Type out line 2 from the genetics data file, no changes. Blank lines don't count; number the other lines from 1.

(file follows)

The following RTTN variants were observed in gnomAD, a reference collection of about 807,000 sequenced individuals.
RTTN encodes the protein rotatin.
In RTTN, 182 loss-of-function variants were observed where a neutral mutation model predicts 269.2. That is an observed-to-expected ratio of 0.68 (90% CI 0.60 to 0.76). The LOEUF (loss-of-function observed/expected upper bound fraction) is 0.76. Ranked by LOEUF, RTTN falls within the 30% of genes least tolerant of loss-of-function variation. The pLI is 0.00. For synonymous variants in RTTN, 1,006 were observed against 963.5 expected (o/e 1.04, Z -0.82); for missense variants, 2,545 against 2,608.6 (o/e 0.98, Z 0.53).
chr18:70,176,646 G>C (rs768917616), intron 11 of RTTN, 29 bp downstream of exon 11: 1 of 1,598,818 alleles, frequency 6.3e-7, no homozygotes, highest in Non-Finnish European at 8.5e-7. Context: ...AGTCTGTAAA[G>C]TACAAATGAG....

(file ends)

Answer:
RTTN encodes the protein rotatin.